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Familiar Face, by Michael DeForge (Drawn & Quarterly, 176 pages)

If you feel like the ground has shifted under your feet, of late – that the terrain you face is utterly unrecognizable – have I got the book for you.

In Familiar Face, Michael DeForge imagines a world where roadways, train lines, buildings and people are subject to constant, arbitrary change. Even individual faces and bodies get “updated” without forewarning. Every facet of life is precarious, uncertain; everyone lives in front of a screen. The nameless everywoman who narrates the book spends her workdays reading complaints about the unaccountable processes that upend everyone’s lives, only to have her own existence thrown into turmoil when her girlfriend vanishes without a trace – perhaps to help fight the surveillance state.

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While DeForge’s writing vividly captures a sense of anomie and impotence, his irrepressible art is filled with constant, colourful stimulus. The result is a blackly comic juxtaposition, something like Hieronyus Bosch let loose in the salesroom of Canada Computers, all chaos and critters and screens and apps, a relentless jumbling of hardware and flesh, in which protest seems futile but brave nonetheless.

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The Cursed Hermit, by Kris Bertin and Alexander Forbes (Conundrum Press, 192 pages)

The second in the line of Hobtown Mystery Stories is every bit as engrossing as the first, and even more accomplished – just the sort of cracking tale with which to while away an afternoon in isolation. The Hobtown Junior Detective Club – a team of teen detectives, à la Nancy Drew – continue to investigate strange goings-on in their small, eccentric Nova Scotian village.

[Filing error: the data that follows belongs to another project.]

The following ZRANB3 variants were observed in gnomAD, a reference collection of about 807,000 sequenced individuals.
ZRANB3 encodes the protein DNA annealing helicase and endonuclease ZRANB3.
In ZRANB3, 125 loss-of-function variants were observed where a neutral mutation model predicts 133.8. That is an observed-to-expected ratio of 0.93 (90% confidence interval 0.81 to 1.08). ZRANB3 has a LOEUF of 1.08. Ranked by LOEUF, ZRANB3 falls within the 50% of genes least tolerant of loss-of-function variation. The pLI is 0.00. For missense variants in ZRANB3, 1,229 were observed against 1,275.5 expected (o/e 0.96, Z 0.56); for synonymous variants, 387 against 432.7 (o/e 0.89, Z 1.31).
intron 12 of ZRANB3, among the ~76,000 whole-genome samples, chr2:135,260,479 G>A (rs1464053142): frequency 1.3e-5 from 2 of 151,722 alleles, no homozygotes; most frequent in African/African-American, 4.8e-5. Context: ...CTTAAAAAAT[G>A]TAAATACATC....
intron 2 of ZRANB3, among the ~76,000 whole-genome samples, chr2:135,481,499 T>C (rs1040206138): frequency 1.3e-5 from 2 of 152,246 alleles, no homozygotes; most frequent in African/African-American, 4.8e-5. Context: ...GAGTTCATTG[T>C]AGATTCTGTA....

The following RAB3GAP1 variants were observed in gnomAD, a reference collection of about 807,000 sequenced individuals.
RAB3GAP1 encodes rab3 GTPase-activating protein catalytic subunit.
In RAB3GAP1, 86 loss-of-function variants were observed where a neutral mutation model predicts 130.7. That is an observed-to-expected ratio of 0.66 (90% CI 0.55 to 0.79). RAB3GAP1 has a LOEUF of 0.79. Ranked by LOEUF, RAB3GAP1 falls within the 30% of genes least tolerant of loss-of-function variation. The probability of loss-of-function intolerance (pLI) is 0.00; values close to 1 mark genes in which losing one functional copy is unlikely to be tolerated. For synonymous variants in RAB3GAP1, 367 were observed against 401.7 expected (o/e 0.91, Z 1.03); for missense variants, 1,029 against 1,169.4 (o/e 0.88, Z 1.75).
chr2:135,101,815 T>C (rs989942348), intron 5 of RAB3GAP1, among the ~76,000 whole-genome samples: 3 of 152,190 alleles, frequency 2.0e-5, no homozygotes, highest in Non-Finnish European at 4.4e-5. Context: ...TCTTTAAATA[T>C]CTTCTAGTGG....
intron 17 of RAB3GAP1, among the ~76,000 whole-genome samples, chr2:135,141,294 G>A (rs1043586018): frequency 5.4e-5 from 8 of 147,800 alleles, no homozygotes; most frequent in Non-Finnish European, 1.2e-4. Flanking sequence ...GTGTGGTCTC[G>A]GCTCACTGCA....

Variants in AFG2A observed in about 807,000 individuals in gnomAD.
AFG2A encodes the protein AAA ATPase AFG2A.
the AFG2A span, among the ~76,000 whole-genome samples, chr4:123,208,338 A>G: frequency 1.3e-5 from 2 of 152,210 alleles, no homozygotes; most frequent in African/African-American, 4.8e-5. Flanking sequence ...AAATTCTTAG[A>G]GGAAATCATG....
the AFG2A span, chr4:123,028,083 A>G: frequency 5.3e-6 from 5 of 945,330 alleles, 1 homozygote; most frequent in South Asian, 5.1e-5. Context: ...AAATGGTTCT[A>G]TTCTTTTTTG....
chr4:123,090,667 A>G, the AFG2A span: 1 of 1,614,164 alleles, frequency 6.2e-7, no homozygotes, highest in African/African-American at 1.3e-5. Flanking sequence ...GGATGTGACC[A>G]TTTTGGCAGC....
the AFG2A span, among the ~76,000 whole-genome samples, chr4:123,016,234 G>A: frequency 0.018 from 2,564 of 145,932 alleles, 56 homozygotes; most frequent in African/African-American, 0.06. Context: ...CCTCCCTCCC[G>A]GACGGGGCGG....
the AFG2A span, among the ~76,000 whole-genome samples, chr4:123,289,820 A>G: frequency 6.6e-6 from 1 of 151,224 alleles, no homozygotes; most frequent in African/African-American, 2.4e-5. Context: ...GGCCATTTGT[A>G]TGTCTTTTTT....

Suffused with a believable sense of the supernatural, this adventure sees jocky Brennan and clairvoyant Pauline at Knotty Pines, a brooding hilltop boarding school for gifted students, headed by sinister descendants of the town’s Georgian-era founder. Why has the wild-eyed local “hermit” broken down screaming at the sight of the school? And why does Pauline keep having visions?

The steady hand of artist Alexander Forbes proves as adept at muscular fight scenes as at phantasmagoric dream sequences, while writer Kris Bertin builds on the first book’s strong character work, continuing to deliver surprising and satisfying plot twists. A ghost story, a teenage romance, and maybe even an allegory about the long inheritance of colonialism, The Cursed Hermit is consummately crafted entertainment.

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Constantly, by GG (Koyama Press, 48 pages)

GG’s biographical note tells us she hails from “a small Prairie city in Canada.” Given how claustrophobic Constantly is – a chamber piece that rarely ventures outside the main character’s apartment – that setting makes perfect sense. The push and pull between the oppressive insularity of a small town and the expansive countryside beyond its borders mirrors the contradictory mindset of this young woman who struggles to leave the confines of home. “I don’t want to leave a trace,” she writes, in the laconic notes that punctuate her day; but she also decides, “I don’t want to be forgotten.”

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Beset by crippling depression – figured as ghostly black hands, clawing at her constantly – she manages to shower, water a plant and blend a shake, before preparing, eventually, maybe, to step outside.

This stripped-down follow-up to GG’s debut, the similarly self-effacing I’m Not Here, is less story than poem, its pages filled not so much with action as with minimalist choreography. As the young woman confronts her anxiety and agoraphobia, those of us who are newly housebound may find release in GG’s ability to depict such aching melancholia with grace, empathy and impeccable beauty.

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